NASHVILLE, Tenn. — In the final two weeks before Election Day, President Donald Trump is placing an awfully big bet on the premise that casting his opponent as an insider has the same value it did four years ago.
"We should be talking about your families, but that’s the last thing he wants to talk about," Biden said from the debate stage here at Belmont University. It was, as Trump noted, the pivot of a practiced politician away from personal invective and toward the public's needs.
"I ran because of you," an agitated Trump said. "I’m looking at you now, you’re a politician."
At another point, he undermined his own allegations that Biden and his family have enriched themselves — no modern president has done more of that than Trump — by conditioning them.
"If this stuff is true about Russia, Ukraine, China, other countries, Iraq," Trump said. "If this is true, then he’s a corrupt politician." If this stuff is true? Some politicians might fabricate an hour's worth of supposed dirt on an opponent, but they would be reluctant to then admit it was all unsubstantiated. Typical politicians believe they have to hew close enough to the truth to avoid losing the honesty battle that Trump has forfeited to Biden.
In 2016, playing the untainted outsider to Hillary Clinton's veteran insider worked well enough for Trump. But four years later, the idea that it's bad to be a politician seems fundamentally less resonant. Refusing to even pay lip service to the idea that candidates "should be talking about your families" in a time of deep crisis is the take of someone who misunderstands the electoral process.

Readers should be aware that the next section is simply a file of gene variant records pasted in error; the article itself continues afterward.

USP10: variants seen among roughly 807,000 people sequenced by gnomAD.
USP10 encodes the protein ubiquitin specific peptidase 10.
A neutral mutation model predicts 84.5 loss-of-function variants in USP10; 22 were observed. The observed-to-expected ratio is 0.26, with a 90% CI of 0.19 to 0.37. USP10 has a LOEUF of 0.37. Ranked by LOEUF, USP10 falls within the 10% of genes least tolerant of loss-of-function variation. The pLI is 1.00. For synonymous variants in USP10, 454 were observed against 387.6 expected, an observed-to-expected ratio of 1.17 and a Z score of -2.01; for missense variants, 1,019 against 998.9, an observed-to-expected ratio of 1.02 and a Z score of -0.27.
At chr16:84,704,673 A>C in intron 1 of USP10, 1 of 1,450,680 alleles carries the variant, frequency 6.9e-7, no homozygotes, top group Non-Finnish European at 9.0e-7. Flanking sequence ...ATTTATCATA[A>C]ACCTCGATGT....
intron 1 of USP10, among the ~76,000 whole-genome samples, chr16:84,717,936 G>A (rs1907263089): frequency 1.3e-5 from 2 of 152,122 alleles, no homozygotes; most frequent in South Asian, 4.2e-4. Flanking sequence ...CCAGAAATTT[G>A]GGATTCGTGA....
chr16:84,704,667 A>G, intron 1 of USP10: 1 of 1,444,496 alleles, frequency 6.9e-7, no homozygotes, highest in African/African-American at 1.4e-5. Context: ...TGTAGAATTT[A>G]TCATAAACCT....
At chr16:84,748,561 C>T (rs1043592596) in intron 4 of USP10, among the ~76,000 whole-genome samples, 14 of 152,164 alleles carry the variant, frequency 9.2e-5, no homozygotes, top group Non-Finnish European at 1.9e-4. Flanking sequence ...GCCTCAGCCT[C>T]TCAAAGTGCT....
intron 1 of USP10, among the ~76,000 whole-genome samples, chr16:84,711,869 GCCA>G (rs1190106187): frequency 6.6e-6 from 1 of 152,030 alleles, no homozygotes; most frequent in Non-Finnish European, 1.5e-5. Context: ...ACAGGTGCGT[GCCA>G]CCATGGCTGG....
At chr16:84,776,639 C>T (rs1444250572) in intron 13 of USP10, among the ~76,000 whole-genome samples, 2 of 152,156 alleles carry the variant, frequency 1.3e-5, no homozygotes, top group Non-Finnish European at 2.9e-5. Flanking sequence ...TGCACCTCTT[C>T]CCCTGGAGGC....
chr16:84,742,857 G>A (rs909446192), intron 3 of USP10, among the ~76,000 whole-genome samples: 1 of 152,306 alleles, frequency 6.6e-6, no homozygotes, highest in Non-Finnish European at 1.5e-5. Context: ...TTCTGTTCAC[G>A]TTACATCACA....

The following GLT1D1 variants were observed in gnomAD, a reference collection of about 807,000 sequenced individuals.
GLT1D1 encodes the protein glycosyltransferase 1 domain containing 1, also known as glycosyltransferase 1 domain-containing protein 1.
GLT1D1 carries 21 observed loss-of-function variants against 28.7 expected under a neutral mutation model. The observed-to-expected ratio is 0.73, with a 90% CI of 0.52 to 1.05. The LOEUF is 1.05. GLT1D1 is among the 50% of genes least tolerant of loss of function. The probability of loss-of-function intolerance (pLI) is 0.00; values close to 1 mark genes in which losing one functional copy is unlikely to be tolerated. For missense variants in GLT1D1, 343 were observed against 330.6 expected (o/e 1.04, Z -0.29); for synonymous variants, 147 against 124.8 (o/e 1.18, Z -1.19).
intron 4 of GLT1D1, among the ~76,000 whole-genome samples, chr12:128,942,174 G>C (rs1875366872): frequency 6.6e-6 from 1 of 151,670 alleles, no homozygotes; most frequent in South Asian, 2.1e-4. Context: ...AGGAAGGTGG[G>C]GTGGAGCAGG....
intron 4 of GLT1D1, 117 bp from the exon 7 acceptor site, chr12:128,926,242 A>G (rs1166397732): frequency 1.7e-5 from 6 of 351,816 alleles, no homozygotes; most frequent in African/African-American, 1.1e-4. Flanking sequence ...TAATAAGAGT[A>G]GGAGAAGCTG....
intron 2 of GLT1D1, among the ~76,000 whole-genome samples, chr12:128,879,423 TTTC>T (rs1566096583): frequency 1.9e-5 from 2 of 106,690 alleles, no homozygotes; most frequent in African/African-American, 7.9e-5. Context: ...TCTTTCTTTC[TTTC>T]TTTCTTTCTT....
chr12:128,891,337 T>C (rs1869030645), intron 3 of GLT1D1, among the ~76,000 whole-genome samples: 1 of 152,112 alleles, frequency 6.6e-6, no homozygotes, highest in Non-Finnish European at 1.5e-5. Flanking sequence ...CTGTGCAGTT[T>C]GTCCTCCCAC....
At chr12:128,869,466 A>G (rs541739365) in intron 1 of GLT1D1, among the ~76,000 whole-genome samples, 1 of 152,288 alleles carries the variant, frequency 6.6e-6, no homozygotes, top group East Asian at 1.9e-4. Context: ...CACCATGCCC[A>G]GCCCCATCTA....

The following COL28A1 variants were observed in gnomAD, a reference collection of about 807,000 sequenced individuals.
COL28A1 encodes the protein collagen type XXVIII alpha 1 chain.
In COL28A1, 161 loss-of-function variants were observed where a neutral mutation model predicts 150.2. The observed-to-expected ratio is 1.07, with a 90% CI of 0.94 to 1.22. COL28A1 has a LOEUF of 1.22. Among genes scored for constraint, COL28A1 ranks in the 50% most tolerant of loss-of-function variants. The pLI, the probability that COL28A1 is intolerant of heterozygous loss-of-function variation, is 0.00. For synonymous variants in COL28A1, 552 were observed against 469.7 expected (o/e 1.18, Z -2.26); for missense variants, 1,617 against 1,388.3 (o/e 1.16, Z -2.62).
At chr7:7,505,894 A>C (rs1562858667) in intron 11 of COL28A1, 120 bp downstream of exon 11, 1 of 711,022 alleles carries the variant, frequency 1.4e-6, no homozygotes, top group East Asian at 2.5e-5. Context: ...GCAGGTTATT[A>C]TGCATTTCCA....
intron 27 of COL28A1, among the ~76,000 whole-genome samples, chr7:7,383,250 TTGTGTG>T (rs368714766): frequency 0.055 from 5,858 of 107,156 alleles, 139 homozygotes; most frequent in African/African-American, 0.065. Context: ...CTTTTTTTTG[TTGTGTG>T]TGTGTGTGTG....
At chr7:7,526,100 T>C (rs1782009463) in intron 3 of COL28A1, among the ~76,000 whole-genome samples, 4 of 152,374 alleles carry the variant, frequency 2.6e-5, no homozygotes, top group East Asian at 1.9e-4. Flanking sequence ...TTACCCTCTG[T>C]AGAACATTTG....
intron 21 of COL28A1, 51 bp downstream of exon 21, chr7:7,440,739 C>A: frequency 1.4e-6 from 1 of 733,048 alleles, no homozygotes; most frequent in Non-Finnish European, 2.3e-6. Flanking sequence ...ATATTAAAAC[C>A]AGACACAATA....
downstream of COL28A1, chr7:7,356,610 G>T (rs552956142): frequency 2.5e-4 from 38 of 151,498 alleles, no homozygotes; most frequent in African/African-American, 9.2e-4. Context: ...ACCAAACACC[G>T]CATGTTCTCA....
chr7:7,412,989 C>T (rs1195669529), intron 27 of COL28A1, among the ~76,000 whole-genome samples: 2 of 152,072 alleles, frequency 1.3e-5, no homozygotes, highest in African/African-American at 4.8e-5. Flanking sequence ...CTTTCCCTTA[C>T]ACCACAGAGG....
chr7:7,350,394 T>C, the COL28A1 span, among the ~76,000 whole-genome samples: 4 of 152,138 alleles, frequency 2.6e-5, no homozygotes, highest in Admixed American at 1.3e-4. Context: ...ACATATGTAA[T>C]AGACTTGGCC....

The American system was designed to create an incentive — elections — for officials to cater to the sentiments and will of the voting public. Many voters are more than ready for a president whose self-interest is tied to knowing how government works best to serve them, who tempers his instinct for self-promotion with an understanding of the line between that and deceit, and who seeks to heal societal divisions rather than exploiting them.
These are the things a politician does. There should seldom be conflict between a president's self-interest and the broader public interest. To the extent that voters are divided, a typical politician seeks to unite them in common purpose and explain why he or she follows one approach to reaching their goals over others.
Some voters who don't approve of Trump's presidency agree with him that he is not responsible for the coronavirus. But the large majority of voters — including many who support him — believe he mishandled the coronavirus crisis. His unwillingness to publicly acknowledge a threat that he privately said was brutal has contributed to a failed administration response to the pandemic.
A typical politician knows that it's folly to argue with voters about what they believe to be true. In the case of the pandemic, it's that a better response would have protected more of the nearly quarter of a million Americans who have died since the end of February, cost less than the trillions of dollars taxpayers have had to pour into the economy and mitigated an impact on commerce that has led to tens of millions of lost jobs and tens of thousands of closed businesses.